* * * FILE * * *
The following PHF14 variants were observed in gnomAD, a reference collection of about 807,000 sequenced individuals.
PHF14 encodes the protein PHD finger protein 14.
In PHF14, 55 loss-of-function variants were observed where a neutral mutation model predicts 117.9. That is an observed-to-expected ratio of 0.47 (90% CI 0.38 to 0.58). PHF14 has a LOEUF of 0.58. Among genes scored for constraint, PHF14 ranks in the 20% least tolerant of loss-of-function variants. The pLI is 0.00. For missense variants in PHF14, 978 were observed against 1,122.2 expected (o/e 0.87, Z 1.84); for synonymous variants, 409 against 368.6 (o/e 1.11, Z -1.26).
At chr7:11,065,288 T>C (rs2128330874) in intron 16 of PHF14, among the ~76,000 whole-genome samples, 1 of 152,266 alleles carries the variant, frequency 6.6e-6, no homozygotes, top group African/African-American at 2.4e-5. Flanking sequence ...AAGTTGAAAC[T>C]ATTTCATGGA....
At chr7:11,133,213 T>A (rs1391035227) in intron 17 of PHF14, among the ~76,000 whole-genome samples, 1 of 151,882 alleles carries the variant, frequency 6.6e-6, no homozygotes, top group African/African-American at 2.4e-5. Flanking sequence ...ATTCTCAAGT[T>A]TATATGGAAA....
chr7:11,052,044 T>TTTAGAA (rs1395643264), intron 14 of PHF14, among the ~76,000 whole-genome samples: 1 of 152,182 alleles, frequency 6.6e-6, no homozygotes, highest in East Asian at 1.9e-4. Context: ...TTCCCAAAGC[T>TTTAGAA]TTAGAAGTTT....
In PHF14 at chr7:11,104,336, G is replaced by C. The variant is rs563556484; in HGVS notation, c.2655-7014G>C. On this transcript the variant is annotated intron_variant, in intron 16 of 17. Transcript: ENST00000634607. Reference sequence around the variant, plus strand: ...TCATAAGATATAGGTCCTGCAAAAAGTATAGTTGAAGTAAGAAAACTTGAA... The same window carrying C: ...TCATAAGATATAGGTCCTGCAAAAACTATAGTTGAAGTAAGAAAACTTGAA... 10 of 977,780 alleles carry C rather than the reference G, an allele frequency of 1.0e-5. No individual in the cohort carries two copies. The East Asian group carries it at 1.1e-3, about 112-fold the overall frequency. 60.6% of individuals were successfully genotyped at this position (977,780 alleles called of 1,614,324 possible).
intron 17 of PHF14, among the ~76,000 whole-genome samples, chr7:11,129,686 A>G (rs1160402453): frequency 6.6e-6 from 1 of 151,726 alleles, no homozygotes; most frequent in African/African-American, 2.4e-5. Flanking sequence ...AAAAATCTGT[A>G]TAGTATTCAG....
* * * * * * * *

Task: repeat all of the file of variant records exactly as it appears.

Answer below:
The following PHF14 variants were observed in gnomAD, a reference collection of about 807,000 sequenced individuals.
PHF14 encodes the protein PHD finger protein 14.
In PHF14, 55 loss-of-function variants were observed where a neutral mutation model predicts 117.9. That is an observed-to-expected ratio of 0.47 (90% CI 0.38 to 0.58). PHF14 has a LOEUF of 0.58. Among genes scored for constraint, PHF14 ranks in the 20% least tolerant of loss-of-function variants. The pLI is 0.00. For missense variants in PHF14, 978 were observed against 1,122.2 expected (o/e 0.87, Z 1.84); for synonymous variants, 409 against 368.6 (o/e 1.11, Z -1.26).
At chr7:11,065,288 T>C (rs2128330874) in intron 16 of PHF14, among the ~76,000 whole-genome samples, 1 of 152,266 alleles carries the variant, frequency 6.6e-6, no homozygotes, top group African/African-American at 2.4e-5. Flanking sequence ...AAGTTGAAAC[T>C]ATTTCATGGA....
At chr7:11,133,213 T>A (rs1391035227) in intron 17 of PHF14, among the ~76,000 whole-genome samples, 1 of 151,882 alleles carries the variant, frequency 6.6e-6, no homozygotes, top group African/African-American at 2.4e-5. Flanking sequence ...ATTCTCAAGT[T>A]TATATGGAAA....
chr7:11,052,044 T>TTTAGAA (rs1395643264), intron 14 of PHF14, among the ~76,000 whole-genome samples: 1 of 152,182 alleles, frequency 6.6e-6, no homozygotes, highest in East Asian at 1.9e-4. Context: ...TTCCCAAAGC[T>TTTAGAA]TTAGAAGTTT....
In PHF14 at chr7:11,104,336, G is replaced by C. The variant is rs563556484; in HGVS notation, c.2655-7014G>C. On this transcript the variant is annotated intron_variant, in intron 16 of 17. Transcript: ENST00000634607. Reference sequence around the variant, plus strand: ...TCATAAGATATAGGTCCTGCAAAAAGTATAGTTGAAGTAAGAAAACTTGAA... The same window carrying C: ...TCATAAGATATAGGTCCTGCAAAAACTATAGTTGAAGTAAGAAAACTTGAA... 10 of 977,780 alleles carry C rather than the reference G, an allele frequency of 1.0e-5. No individual in the cohort carries two copies. The East Asian group carries it at 1.1e-3, about 112-fold the overall frequency. 60.6% of individuals were successfully genotyped at this position (977,780 alleles called of 1,614,324 possible).
intron 17 of PHF14, among the ~76,000 whole-genome samples, chr7:11,129,686 A>G (rs1160402453): frequency 6.6e-6 from 1 of 151,726 alleles, no homozygotes; most frequent in African/African-American, 2.4e-5. Flanking sequence ...AAAAATCTGT[A>G]TAGTATTCAG....